By midday on Wednesday, Louise Spencer has £6.80 left in her purse to last until Monday, which works out at £1.36 a day to pay for anything she and her two small children might need. She is confident that she will make the money stretch. It’s just a question of careful budgeting.
Frugality is an art she has already perfected. This morning she has done the weekly shop, which came in 67p cheaper than the £20 she had set aside. Providing a week’s worth of meals for three people for £6.66 a head is easy once you work out how, she says. The gas and electricity payments for the week have already been made, so she knows the children will be warm. The only thing to fear is the unexpected – a broken pushchair, a request to buy her daughter’s class photograph.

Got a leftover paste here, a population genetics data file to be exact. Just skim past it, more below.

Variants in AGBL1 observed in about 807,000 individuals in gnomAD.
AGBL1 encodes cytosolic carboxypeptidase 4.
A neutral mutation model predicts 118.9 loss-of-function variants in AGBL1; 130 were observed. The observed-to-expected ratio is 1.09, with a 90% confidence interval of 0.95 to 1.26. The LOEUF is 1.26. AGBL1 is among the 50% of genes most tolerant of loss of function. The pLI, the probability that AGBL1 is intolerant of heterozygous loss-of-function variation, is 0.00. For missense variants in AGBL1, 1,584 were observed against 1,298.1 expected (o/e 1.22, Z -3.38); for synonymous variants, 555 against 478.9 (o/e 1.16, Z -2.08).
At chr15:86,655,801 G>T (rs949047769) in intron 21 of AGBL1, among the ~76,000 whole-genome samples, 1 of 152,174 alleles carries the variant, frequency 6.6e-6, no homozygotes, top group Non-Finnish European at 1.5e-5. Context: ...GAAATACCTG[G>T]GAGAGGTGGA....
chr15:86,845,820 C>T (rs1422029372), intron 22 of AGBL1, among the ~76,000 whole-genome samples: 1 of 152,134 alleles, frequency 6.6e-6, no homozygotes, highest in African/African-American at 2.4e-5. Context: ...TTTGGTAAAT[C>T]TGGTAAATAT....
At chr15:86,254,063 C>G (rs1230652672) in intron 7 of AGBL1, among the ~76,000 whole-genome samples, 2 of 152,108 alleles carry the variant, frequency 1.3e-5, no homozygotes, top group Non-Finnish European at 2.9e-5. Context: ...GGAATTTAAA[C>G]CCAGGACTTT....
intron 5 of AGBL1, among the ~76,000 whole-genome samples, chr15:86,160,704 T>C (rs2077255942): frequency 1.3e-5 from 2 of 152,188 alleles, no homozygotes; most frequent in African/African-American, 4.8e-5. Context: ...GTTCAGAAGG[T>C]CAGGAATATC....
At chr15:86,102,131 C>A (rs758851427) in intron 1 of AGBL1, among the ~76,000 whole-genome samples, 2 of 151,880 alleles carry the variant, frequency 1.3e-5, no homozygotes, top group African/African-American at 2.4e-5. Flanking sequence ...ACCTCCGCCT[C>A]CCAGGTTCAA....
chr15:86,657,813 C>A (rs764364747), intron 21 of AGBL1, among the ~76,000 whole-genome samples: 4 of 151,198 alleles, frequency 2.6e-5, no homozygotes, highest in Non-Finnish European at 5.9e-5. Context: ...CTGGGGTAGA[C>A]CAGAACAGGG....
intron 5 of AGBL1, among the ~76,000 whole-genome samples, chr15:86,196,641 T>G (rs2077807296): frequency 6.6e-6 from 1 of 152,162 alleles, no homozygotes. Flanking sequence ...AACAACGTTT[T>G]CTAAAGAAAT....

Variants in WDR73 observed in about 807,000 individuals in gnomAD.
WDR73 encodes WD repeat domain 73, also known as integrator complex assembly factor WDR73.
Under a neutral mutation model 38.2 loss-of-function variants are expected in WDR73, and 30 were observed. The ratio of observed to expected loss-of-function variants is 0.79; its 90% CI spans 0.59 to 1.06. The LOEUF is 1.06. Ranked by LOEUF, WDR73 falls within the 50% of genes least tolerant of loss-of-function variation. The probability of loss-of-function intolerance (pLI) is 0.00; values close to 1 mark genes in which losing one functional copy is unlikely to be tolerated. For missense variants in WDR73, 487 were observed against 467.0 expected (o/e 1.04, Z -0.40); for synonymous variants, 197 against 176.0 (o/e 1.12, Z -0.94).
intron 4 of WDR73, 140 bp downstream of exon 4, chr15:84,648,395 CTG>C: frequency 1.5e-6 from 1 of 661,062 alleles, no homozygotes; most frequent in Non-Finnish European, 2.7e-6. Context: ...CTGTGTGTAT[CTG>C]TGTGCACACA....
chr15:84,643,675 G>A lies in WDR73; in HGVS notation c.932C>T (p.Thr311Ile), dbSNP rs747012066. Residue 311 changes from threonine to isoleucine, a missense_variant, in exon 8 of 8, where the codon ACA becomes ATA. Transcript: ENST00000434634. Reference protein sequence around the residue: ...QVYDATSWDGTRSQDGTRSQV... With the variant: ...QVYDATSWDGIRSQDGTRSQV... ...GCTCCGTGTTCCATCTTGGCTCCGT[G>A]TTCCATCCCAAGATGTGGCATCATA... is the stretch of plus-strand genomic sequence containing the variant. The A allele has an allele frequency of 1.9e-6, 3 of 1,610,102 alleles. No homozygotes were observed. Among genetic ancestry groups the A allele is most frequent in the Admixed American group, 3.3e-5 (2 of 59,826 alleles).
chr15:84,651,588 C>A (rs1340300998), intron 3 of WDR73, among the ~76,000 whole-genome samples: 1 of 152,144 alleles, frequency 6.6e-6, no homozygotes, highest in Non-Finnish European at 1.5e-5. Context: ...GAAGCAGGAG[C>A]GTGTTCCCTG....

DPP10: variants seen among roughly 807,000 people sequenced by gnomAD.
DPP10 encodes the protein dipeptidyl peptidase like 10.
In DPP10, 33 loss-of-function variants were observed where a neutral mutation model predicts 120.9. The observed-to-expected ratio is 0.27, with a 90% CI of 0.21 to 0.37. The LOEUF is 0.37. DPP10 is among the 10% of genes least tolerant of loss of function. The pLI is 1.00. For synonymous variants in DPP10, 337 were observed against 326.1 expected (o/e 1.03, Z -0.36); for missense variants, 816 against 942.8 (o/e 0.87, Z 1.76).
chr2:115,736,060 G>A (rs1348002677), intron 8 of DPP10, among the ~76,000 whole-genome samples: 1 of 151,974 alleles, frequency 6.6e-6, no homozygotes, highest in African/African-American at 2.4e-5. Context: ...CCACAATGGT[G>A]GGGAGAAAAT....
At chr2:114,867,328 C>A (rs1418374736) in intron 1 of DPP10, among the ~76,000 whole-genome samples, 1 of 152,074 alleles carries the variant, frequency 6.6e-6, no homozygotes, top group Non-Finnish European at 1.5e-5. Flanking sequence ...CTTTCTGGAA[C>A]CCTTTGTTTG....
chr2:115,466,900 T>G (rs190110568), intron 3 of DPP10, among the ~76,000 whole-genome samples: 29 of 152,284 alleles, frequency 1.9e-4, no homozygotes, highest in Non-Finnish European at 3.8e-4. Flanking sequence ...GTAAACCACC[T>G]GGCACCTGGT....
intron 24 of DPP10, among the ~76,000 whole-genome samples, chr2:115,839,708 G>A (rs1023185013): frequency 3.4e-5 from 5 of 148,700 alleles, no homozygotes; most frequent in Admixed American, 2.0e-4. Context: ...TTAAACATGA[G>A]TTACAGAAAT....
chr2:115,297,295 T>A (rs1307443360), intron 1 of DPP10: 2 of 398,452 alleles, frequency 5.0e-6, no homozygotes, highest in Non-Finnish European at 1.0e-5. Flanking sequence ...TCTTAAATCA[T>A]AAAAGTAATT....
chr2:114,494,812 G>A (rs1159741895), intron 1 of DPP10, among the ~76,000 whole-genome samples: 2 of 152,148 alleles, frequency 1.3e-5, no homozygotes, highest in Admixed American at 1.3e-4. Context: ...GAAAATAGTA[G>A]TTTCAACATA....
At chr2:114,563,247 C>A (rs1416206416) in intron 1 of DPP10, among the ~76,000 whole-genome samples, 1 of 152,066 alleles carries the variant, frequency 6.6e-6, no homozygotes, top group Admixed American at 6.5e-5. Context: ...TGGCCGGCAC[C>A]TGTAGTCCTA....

Louise, 24, doesn’t smoke, drink or take drugs and she very rarely goes out with her friends. She spends pretty much all the money she gets in benefits on her children. She rejects the suggestion that her family might be described as poor. “Oh no,” she says firmly. “We get by.”
For God’s sake, surely this is the issue? And much as I might rant on about deflation/regulation/fiscal stimulus the final measure of our worth is whether or not we help people in similar situations?